To protect free speech, he said, we allow speech that is disagreeable and offensive.
A 1997 paper by Barry Dank and Joseph Fulda indicates that: Starting in the 1980's, a feminist literature emerged calling for the banning of intimate, organizationally based, asymmetrical relationships and the subsumption of such relationships under the rubric of sexual harassment.Thus, when individuals in asymmetrical relationships engage in sexual behavior such a relationship is seen as sexual harassment with the person in the superordinate position viewed as the harasser and the person in the subordinate position as the victim.The UCLA College of Letters and Science and the university's 11 professional schools feature renowned faculty and offer more than 300 degree programs and majors.UCLA is a national and international leader in the breadth and quality of its academic, research, health care, cultural, continuing education and athletic programs."By what authority does the university become the arbiter of romantic etiquette among consenting adults?
I think the unspoken motivation is the concern that romance gone awry will lead to costly civil litigation.
The first no sex policy came in 1984, when Harvard banned relationships between faculty members and students they taught. In 1986 it adopted a very specific policy barring romantic or sexual relationships between faculty and their own students, but allowing relationships with students professors don’t specifically “teach or supervise.” Harvard Dean Henry Rosovsky, introducing the policy at his school, wrote that relationships between teachers and students were "always wrong." John Kenneth Galbraith, emeritus professor of economics at the school, publicly wondered how he, who had been married to a former graduate student for almost 50 years, should atone for his sins.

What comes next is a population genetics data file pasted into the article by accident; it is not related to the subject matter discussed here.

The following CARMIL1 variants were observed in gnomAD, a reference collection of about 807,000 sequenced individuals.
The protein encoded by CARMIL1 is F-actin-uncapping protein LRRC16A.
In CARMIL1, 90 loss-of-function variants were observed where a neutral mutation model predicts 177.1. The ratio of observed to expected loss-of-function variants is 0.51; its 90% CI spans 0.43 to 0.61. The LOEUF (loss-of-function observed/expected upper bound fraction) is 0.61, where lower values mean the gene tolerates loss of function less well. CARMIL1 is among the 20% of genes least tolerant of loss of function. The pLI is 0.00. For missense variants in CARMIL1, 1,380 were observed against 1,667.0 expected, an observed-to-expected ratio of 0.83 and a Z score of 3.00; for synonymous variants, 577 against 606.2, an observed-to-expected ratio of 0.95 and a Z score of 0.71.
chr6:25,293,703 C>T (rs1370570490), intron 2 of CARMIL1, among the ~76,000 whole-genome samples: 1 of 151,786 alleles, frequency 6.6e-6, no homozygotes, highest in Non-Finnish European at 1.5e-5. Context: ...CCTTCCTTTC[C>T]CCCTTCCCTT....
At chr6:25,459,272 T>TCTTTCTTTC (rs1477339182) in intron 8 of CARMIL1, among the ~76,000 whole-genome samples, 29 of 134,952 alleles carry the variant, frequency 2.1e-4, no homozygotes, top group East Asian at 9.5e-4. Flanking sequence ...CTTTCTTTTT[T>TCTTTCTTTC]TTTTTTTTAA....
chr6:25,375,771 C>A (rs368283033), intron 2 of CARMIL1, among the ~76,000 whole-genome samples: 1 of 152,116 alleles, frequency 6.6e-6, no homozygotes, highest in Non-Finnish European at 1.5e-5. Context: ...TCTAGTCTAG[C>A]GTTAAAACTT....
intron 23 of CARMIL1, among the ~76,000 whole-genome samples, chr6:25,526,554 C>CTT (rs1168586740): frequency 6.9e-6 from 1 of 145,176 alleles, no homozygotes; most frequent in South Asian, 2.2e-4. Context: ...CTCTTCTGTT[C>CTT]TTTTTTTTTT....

The dean replied, basically, that the Galbraiths had nothing to worry about because they had met and married back when "amour -- instructional and noninstructional -- was in fashion." So the relationships were "always wrong" except, well, in the 1930s, when they apparently weren’t at all wrong.
Should hospitals prevent doctors from being romantically involved with nurses?
Should law firms prohibit attorneys from dating law clerks and administrative assistants?
While there’s a troublesome power dynamic at work here—a tenure-track economics professor’s relationship with a freshman in his macroeconomics class, whose grade he determines, is obviously different from any relationship that student might develop with another economics professor; likewise, that freshman would have a different relationship with another freshman—nobody seemed to think this one was such a big deal. If a professor were to approach (or text message) a student today to ask for a date it would strike many as incredibly inappropriate. While it’s true that that UConn prohibition extends to any professors and any students of every gender, the traditional dynamic here is a male professor and a female student.